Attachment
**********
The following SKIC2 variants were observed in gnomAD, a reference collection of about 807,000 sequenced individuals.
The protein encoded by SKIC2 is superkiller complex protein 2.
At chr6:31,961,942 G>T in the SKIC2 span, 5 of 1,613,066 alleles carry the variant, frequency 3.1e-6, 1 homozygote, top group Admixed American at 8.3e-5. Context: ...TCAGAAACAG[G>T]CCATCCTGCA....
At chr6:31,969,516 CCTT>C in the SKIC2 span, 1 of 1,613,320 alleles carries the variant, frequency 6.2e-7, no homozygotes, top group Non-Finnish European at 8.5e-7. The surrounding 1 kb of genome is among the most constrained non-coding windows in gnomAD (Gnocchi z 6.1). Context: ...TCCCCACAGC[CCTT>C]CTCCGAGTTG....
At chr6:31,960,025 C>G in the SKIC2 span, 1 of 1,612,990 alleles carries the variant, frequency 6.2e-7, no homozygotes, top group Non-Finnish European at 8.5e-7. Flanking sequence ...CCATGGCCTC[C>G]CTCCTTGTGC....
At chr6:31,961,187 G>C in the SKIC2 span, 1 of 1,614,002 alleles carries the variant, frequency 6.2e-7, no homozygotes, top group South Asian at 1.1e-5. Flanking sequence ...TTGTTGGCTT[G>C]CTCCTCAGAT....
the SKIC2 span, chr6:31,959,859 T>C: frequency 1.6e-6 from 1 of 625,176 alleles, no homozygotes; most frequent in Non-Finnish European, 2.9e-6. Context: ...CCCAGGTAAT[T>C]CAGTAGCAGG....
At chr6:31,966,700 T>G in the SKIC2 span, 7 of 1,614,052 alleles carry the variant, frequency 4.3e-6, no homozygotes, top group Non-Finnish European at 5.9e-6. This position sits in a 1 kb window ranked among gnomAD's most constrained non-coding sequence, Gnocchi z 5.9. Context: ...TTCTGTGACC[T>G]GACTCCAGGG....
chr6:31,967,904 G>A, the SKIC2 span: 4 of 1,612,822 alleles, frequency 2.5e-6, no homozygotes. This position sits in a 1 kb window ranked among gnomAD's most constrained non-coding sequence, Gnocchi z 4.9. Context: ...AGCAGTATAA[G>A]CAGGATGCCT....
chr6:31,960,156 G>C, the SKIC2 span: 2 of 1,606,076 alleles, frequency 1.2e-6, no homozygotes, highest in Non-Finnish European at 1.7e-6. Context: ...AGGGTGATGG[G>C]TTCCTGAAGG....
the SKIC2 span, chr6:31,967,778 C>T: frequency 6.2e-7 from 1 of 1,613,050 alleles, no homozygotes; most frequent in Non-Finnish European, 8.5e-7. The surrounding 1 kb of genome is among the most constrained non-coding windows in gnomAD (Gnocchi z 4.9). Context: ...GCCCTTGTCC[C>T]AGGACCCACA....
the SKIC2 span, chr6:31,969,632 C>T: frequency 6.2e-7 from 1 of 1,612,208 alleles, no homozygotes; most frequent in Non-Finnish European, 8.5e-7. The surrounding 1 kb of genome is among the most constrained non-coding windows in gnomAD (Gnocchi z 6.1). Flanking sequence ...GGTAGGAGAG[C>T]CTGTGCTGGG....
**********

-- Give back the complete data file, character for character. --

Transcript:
The following SKIC2 variants were observed in gnomAD, a reference collection of about 807,000 sequenced individuals.
The protein encoded by SKIC2 is superkiller complex protein 2.
At chr6:31,961,942 G>T in the SKIC2 span, 5 of 1,613,066 alleles carry the variant, frequency 3.1e-6, 1 homozygote, top group Admixed American at 8.3e-5. Context: ...TCAGAAACAG[G>T]CCATCCTGCA....
At chr6:31,969,516 CCTT>C in the SKIC2 span, 1 of 1,613,320 alleles carries the variant, frequency 6.2e-7, no homozygotes, top group Non-Finnish European at 8.5e-7. The surrounding 1 kb of genome is among the most constrained non-coding windows in gnomAD (Gnocchi z 6.1). Context: ...TCCCCACAGC[CCTT>C]CTCCGAGTTG....
At chr6:31,960,025 C>G in the SKIC2 span, 1 of 1,612,990 alleles carries the variant, frequency 6.2e-7, no homozygotes, top group Non-Finnish European at 8.5e-7. Flanking sequence ...CCATGGCCTC[C>G]CTCCTTGTGC....
At chr6:31,961,187 G>C in the SKIC2 span, 1 of 1,614,002 alleles carries the variant, frequency 6.2e-7, no homozygotes, top group South Asian at 1.1e-5. Flanking sequence ...TTGTTGGCTT[G>C]CTCCTCAGAT....
the SKIC2 span, chr6:31,959,859 T>C: frequency 1.6e-6 from 1 of 625,176 alleles, no homozygotes; most frequent in Non-Finnish European, 2.9e-6. Context: ...CCCAGGTAAT[T>C]CAGTAGCAGG....
At chr6:31,966,700 T>G in the SKIC2 span, 7 of 1,614,052 alleles carry the variant, frequency 4.3e-6, no homozygotes, top group Non-Finnish European at 5.9e-6. This position sits in a 1 kb window ranked among gnomAD's most constrained non-coding sequence, Gnocchi z 5.9. Context: ...TTCTGTGACC[T>G]GACTCCAGGG....
chr6:31,967,904 G>A, the SKIC2 span: 4 of 1,612,822 alleles, frequency 2.5e-6, no homozygotes. This position sits in a 1 kb window ranked among gnomAD's most constrained non-coding sequence, Gnocchi z 4.9. Context: ...AGCAGTATAA[G>A]CAGGATGCCT....
chr6:31,960,156 G>C, the SKIC2 span: 2 of 1,606,076 alleles, frequency 1.2e-6, no homozygotes, highest in Non-Finnish European at 1.7e-6. Context: ...AGGGTGATGG[G>C]TTCCTGAAGG....
the SKIC2 span, chr6:31,967,778 C>T: frequency 6.2e-7 from 1 of 1,613,050 alleles, no homozygotes; most frequent in Non-Finnish European, 8.5e-7. The surrounding 1 kb of genome is among the most constrained non-coding windows in gnomAD (Gnocchi z 4.9). Context: ...GCCCTTGTCC[C>T]AGGACCCACA....
the SKIC2 span, chr6:31,969,632 C>T: frequency 6.2e-7 from 1 of 1,612,208 alleles, no homozygotes; most frequent in Non-Finnish European, 8.5e-7. The surrounding 1 kb of genome is among the most constrained non-coding windows in gnomAD (Gnocchi z 6.1). Flanking sequence ...GGTAGGAGAG[C>T]CTGTGCTGGG....